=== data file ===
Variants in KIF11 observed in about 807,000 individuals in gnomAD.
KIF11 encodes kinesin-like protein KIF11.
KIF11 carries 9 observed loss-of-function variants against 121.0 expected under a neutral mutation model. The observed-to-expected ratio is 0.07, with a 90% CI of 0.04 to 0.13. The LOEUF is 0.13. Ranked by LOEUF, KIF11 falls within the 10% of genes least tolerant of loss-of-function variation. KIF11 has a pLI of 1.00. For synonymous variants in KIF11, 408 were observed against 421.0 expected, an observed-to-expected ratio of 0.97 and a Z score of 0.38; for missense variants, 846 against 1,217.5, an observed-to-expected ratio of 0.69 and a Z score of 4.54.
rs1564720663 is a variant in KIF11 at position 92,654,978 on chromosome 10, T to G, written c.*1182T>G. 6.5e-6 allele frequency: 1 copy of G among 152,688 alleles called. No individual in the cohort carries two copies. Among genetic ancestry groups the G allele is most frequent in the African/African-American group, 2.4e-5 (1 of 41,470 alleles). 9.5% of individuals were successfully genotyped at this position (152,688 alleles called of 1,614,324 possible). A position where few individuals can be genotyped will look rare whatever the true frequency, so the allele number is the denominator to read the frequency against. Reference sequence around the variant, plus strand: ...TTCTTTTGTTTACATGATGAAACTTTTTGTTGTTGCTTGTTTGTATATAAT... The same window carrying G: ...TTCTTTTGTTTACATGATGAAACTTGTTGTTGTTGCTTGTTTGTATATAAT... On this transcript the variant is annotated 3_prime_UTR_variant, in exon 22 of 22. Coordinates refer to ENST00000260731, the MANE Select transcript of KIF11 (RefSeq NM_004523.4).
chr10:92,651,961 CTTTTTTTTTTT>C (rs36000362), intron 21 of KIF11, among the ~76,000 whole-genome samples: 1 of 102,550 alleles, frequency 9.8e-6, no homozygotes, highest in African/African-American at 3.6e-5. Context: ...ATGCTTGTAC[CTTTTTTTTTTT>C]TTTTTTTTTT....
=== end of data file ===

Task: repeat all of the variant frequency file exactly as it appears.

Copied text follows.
Variants in KIF11 observed in about 807,000 individuals in gnomAD.
KIF11 encodes kinesin-like protein KIF11.
KIF11 carries 9 observed loss-of-function variants against 121.0 expected under a neutral mutation model. The observed-to-expected ratio is 0.07, with a 90% CI of 0.04 to 0.13. The LOEUF is 0.13. Ranked by LOEUF, KIF11 falls within the 10% of genes least tolerant of loss-of-function variation. KIF11 has a pLI of 1.00. For synonymous variants in KIF11, 408 were observed against 421.0 expected, an observed-to-expected ratio of 0.97 and a Z score of 0.38; for missense variants, 846 against 1,217.5, an observed-to-expected ratio of 0.69 and a Z score of 4.54.
rs1564720663 is a variant in KIF11 at position 92,654,978 on chromosome 10, T to G, written c.*1182T>G. 6.5e-6 allele frequency: 1 copy of G among 152,688 alleles called. No individual in the cohort carries two copies. Among genetic ancestry groups the G allele is most frequent in the African/African-American group, 2.4e-5 (1 of 41,470 alleles). 9.5% of individuals were successfully genotyped at this position (152,688 alleles called of 1,614,324 possible). A position where few individuals can be genotyped will look rare whatever the true frequency, so the allele number is the denominator to read the frequency against. Reference sequence around the variant, plus strand: ...TTCTTTTGTTTACATGATGAAACTTTTTGTTGTTGCTTGTTTGTATATAAT... The same window carrying G: ...TTCTTTTGTTTACATGATGAAACTTGTTGTTGTTGCTTGTTTGTATATAAT... On this transcript the variant is annotated 3_prime_UTR_variant, in exon 22 of 22. Coordinates refer to ENST00000260731, the MANE Select transcript of KIF11 (RefSeq NM_004523.4).
chr10:92,651,961 CTTTTTTTTTTT>C (rs36000362), intron 21 of KIF11, among the ~76,000 whole-genome samples: 1 of 102,550 alleles, frequency 9.8e-6, no homozygotes, highest in African/African-American at 3.6e-5. Context: ...ATGCTTGTAC[CTTTTTTTTTTT>C]TTTTTTTTTT....